My brother has moved into the family home and won’t buy out my share

Tell Me About It: He has a free house when I have to struggle to keep a roof over my head

PROBLEM: My mother died almost seven years ago. Her house passed to her children – myself, my sisters and brother. However, the day after she died, my brother moved into the house.

I didn’t say anything for the first year, but, since then, every time I ask my brother about the house, he has abused me in some way. At first, he told me he saw himself as a guardian of the house, and that my family was welcome to visit whenever we wanted. I repeatedly explained I didn’t want to do that – first, it simply isn’t a practical option, and second, the abuse I suffered as a result of our mother’s depression and our father’s alcoholism meant I had nothing but painful memories of the place.

I was made redundant, and had difficulty finding another job during the recession. I asked my brother to please decide if he wanted to buy out my share or sell the house, as the money would have helped me pay my mortgage while unemployed. But every time I met him, he would get angry at me for raising the issue and tell me there was something wrong with me for pressuring him like that.

In the end, I had to go back to a lower paid, lower status job than before to keep up with the mortgage. Meanwhile, he’s been living rent and mortgage-free in a house I partly own for seven years, pursuing his own interests.

My sisters, whose financial situations are different from mine, have refused to get involved. They are okay with him living in the house and get angry with me for being upset about it. I’d been asking for the four of us to meet up for years to discuss the matter. When we finally met up almost two years ago, he acted reasonably in front of my sisters saying he would buy out my share, but since that meeting I haven’t heard a word from him about it. I just feel broken by his (and their) treatment of me, and I’m not sure I can handle any more of them telling me I am worthless and selfish.

The fact that he has a free house when I have to struggle so hard to keep a roof over my head is really hurtful, plus it is like a repeat of my parents’ abuse, where they paid for him and my sisters to go to college but refused to help me at all, so I had to fund myself entirely (even though I had higher grades).

ADVICE: Many people reading this will empathise with your situation. The decision about how property gets dispersed following the death of a close relative can have effects that can last decades. It is not just about the money, it is also about whose voice gets heard, who appears to have the right to disperse the property and what hierarchy emerges from the aftermath.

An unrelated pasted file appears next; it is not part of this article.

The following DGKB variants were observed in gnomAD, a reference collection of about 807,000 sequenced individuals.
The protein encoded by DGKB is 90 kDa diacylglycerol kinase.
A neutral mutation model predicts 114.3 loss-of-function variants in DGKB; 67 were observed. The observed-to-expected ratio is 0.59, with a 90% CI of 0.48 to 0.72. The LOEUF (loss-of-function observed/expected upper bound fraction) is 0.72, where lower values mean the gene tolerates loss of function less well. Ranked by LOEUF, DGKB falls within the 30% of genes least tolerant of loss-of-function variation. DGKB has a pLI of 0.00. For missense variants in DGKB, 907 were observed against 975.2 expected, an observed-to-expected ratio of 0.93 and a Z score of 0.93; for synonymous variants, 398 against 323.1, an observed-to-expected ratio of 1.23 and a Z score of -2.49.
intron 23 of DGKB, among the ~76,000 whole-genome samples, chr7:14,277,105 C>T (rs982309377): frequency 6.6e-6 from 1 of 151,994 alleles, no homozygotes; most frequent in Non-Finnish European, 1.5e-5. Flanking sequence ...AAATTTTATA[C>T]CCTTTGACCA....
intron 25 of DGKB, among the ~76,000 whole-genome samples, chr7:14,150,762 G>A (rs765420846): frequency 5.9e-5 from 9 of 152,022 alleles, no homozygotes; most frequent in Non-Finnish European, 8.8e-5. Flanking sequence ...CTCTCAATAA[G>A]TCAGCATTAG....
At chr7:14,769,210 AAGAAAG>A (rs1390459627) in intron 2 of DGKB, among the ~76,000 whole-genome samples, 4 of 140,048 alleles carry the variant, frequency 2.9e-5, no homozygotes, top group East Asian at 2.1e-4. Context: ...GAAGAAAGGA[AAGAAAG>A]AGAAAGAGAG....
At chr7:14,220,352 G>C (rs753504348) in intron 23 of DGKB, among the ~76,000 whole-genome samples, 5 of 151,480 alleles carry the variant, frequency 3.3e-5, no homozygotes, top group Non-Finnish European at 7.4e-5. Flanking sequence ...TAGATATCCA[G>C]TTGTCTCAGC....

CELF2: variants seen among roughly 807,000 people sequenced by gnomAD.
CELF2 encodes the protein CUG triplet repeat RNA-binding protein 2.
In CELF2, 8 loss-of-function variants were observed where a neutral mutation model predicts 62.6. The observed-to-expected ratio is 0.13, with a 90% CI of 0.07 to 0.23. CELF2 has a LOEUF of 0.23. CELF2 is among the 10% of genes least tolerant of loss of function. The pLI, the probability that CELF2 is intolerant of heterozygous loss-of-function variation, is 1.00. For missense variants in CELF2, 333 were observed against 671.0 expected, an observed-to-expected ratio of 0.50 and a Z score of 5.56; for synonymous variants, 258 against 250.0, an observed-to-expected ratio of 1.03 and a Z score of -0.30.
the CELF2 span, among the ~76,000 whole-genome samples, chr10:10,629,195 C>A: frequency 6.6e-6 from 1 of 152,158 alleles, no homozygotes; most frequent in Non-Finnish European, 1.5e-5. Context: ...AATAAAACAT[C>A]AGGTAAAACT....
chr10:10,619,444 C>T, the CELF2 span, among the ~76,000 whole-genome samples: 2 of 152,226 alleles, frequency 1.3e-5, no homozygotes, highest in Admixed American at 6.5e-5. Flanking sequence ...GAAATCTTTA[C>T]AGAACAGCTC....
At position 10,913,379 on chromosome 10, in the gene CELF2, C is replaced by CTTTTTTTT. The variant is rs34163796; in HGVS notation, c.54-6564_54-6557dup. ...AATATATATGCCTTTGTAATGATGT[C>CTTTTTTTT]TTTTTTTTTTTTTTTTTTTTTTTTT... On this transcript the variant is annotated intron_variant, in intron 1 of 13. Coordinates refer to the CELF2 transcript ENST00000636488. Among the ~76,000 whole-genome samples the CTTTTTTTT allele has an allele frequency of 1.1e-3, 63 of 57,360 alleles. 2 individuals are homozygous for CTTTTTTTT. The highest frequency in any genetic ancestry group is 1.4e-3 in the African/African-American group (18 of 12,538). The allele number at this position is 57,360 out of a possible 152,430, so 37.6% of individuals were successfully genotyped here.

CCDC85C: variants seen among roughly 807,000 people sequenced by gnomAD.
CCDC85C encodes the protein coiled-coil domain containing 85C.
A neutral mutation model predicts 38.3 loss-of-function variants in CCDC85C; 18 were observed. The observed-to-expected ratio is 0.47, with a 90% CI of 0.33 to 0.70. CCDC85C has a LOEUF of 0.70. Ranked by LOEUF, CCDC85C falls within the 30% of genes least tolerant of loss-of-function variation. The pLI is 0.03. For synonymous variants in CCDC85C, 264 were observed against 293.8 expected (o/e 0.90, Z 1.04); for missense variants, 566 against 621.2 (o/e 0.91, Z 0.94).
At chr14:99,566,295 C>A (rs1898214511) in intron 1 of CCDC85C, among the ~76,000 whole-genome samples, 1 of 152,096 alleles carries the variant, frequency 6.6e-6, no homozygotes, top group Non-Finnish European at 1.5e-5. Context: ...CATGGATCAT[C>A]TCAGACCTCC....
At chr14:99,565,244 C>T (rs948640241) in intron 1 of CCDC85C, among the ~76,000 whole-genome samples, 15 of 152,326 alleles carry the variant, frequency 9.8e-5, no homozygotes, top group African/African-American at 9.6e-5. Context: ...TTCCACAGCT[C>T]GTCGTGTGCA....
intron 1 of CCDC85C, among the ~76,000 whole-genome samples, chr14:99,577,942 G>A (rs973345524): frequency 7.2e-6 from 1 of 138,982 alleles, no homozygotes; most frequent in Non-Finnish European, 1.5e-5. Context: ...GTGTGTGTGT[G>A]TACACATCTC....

From your letter, you say you were singled out for lack of financial support before your mother died so you are dealing with legacy issues here as well as the matter of the house.

This is a complex situation and it seems that you have suffered continuously for seven years and are left feeling frustrated, resentful and angry. There is no great evidence that anything is going to change with your regular interventions (all this seems to produce is confirmation that you are the person with “issues”). It might be time to plan out some actions both for yourself and for your family of origin.

For yourself, it is time to tackle your own wellbeing – you have attached your idea of wellness to your brother behaving reasonably and buying out your share of the house. The difficulty here is that you have put him in charge of how you feel, and this leads to continuous anguish for you. Breaking this cycle is of paramount importance and you will need to tackle this deliberately.

Firstly, accept that your brother will not willingly give way in this situation, then face clearly what is in front of you: asking politely has no effect and you need to get attention by being strong, clear and precise. This means that you stop seeing yourself as his (their) victim, as this leaves you vulnerable and pleading.

You are an adult with rights, and you can enforce these rights if you have the courage to assert them. To help yourself, practise speaking to a friend until they tell you that they can hear conviction and determination in your voice; you will be surprised how you can put these characteristics into your speech with practice.

The actions in terms of your family are to bring in external adjudicators either in the form of family mediators (available from your local citizen’s advice centres) or solicitors. If you are struggling financially, you can avail of the Free Legal Advice centres. Your situation is not novel, and there will be expertise and advice available that follows a well-worn track to sort out family affairs such as yours.

Once your family of origin see that you are willing to go all the way to sort out this injustice, they may be open to mediation or discussion that leads to a conclusion.

This route has the added bonus of growing your confidence in demanding your rights and changing the status quo in the family.